AARP Eye Center
I live and practice law in an area with a large population of older adults. At local events about caregiving and life-care planning, I always stick around after the presentation to chat with the audience. Every time, someone will raise concerns about having no family nearby (or at all) or not feeling they have anyone they can trust in the event they need a caregiver. Others will chime in that they're in the same boat. When I ask what steps they've taken for their planning, they all usually say, “None.”
A growing number of elder orphans
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Today, there are more older adults than ever who have no close family or caregivers on whom they can rely, with many more expected as our society ages. Sometimes called “elder orphans” or “solo seniors,” there is no denying that this is a group of people who are deserving of the spotlight when we talk about caregiving in the future. For these solo seniors, an individual care plan and increased community visibility may make all the difference in long-term quality of life and positive medical outcomes.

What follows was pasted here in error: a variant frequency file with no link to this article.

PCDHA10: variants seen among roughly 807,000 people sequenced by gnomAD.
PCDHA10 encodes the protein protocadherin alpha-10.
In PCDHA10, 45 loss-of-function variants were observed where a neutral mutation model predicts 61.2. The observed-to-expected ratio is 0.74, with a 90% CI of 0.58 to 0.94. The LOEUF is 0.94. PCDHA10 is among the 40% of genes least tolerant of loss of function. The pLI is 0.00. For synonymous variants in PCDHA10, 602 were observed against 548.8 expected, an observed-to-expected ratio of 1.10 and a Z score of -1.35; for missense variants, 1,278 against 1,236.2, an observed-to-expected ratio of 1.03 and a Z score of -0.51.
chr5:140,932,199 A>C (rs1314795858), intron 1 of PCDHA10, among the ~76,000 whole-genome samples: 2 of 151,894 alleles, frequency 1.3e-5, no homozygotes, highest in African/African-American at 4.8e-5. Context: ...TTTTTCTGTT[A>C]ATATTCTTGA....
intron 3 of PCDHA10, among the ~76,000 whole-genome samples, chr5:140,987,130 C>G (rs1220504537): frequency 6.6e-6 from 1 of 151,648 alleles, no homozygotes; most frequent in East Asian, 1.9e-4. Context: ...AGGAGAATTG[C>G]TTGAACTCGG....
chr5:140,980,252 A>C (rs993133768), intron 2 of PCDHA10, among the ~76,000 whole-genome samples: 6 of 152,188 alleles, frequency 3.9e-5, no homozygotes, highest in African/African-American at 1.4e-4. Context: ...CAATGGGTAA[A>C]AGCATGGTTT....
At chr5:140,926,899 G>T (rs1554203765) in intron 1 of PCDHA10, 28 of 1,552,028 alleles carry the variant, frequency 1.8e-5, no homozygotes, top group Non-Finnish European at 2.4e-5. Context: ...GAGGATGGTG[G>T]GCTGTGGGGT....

If you are a present or future solo senior, you must take the reins now to get control of unexpected medical crises or declining health in advancing years. In addition to searching out “elder orphan” or “independent senior” groups and resources online and in your area, here are steps you can take to get your legal and financial plan in order.
Forward thinking: Planning to live to 100
There's much you can do, and do very effectively, today to make a solo senior care plan. With some honest reflection and commitment to the task, you can make decisions and take actions that will support you in your time of need, whether that comes tomorrow or at age 100.